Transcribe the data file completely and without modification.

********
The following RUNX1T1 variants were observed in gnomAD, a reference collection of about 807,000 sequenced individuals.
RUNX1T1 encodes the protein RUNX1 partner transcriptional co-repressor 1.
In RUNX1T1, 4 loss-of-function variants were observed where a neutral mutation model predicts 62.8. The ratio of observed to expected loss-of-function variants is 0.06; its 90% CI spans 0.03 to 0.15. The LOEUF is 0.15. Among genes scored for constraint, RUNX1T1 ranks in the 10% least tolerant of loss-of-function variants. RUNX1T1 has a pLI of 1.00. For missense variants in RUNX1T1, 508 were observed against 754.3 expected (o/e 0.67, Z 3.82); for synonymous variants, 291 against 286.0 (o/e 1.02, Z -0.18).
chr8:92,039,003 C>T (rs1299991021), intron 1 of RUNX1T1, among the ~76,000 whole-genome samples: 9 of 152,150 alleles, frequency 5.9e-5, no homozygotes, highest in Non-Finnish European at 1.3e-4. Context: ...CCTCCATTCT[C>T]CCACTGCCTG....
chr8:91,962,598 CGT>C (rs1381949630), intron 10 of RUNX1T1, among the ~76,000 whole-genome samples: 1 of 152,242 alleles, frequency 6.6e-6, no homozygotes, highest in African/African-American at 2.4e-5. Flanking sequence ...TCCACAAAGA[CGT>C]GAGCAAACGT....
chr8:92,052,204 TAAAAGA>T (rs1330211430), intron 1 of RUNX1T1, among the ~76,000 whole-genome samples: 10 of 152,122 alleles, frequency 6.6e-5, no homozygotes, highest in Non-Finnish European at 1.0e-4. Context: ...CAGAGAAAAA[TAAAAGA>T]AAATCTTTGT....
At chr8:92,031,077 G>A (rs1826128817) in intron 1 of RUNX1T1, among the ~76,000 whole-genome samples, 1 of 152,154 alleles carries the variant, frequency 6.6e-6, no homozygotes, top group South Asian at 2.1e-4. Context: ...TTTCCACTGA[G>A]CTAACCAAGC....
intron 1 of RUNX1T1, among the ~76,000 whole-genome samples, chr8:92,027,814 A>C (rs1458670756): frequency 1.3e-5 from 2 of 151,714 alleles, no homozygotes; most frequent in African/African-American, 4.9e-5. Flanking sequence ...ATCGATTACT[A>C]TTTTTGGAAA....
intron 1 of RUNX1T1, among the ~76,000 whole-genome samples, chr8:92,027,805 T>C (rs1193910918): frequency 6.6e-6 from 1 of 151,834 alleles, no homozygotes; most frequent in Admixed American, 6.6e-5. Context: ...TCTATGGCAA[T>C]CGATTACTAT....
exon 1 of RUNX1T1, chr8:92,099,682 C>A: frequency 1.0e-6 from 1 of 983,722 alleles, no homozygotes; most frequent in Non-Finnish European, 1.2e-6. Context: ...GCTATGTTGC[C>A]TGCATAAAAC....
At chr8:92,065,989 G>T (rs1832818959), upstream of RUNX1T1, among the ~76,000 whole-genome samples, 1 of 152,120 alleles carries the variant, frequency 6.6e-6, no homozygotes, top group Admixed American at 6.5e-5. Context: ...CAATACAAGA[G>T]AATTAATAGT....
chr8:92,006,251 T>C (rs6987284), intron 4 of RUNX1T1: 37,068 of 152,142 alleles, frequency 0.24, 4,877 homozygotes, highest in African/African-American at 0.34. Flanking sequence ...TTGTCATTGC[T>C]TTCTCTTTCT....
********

The following RUNX1T1 variants were observed in gnomAD, a reference collection of about 807,000 sequenced individuals.
RUNX1T1 encodes the protein RUNX1 partner transcriptional co-repressor 1.
In RUNX1T1, 4 loss-of-function variants were observed where a neutral mutation model predicts 62.8. The ratio of observed to expected loss-of-function variants is 0.06; its 90% CI spans 0.03 to 0.15. The LOEUF is 0.15. Among genes scored for constraint, RUNX1T1 ranks in the 10% least tolerant of loss-of-function variants. RUNX1T1 has a pLI of 1.00. For missense variants in RUNX1T1, 508 were observed against 754.3 expected (o/e 0.67, Z 3.82); for synonymous variants, 291 against 286.0 (o/e 1.02, Z -0.18).
chr8:92,039,003 C>T (rs1299991021), intron 1 of RUNX1T1, among the ~76,000 whole-genome samples: 9 of 152,150 alleles, frequency 5.9e-5, no homozygotes, highest in Non-Finnish European at 1.3e-4. Context: ...CCTCCATTCT[C>T]CCACTGCCTG....
chr8:91,962,598 CGT>C (rs1381949630), intron 10 of RUNX1T1, among the ~76,000 whole-genome samples: 1 of 152,242 alleles, frequency 6.6e-6, no homozygotes, highest in African/African-American at 2.4e-5. Flanking sequence ...TCCACAAAGA[CGT>C]GAGCAAACGT....
chr8:92,052,204 TAAAAGA>T (rs1330211430), intron 1 of RUNX1T1, among the ~76,000 whole-genome samples: 10 of 152,122 alleles, frequency 6.6e-5, no homozygotes, highest in Non-Finnish European at 1.0e-4. Context: ...CAGAGAAAAA[TAAAAGA>T]AAATCTTTGT....
At chr8:92,031,077 G>A (rs1826128817) in intron 1 of RUNX1T1, among the ~76,000 whole-genome samples, 1 of 152,154 alleles carries the variant, frequency 6.6e-6, no homozygotes, top group South Asian at 2.1e-4. Context: ...TTTCCACTGA[G>A]CTAACCAAGC....
intron 1 of RUNX1T1, among the ~76,000 whole-genome samples, chr8:92,027,814 A>C (rs1458670756): frequency 1.3e-5 from 2 of 151,714 alleles, no homozygotes; most frequent in African/African-American, 4.9e-5. Flanking sequence ...ATCGATTACT[A>C]TTTTTGGAAA....
intron 1 of RUNX1T1, among the ~76,000 whole-genome samples, chr8:92,027,805 T>C (rs1193910918): frequency 6.6e-6 from 1 of 151,834 alleles, no homozygotes; most frequent in Admixed American, 6.6e-5. Context: ...TCTATGGCAA[T>C]CGATTACTAT....
exon 1 of RUNX1T1, chr8:92,099,682 C>A: frequency 1.0e-6 from 1 of 983,722 alleles, no homozygotes; most frequent in Non-Finnish European, 1.2e-6. Context: ...GCTATGTTGC[C>A]TGCATAAAAC....
At chr8:92,065,989 G>T (rs1832818959), upstream of RUNX1T1, among the ~76,000 whole-genome samples, 1 of 152,120 alleles carries the variant, frequency 6.6e-6, no homozygotes, top group Admixed American at 6.5e-5. Context: ...CAATACAAGA[G>T]AATTAATAGT....
chr8:92,006,251 T>C (rs6987284), intron 4 of RUNX1T1: 37,068 of 152,142 alleles, frequency 0.24, 4,877 homozygotes, highest in African/African-American at 0.34. Flanking sequence ...TTGTCATTGC[T>C]TTCTCTTTCT....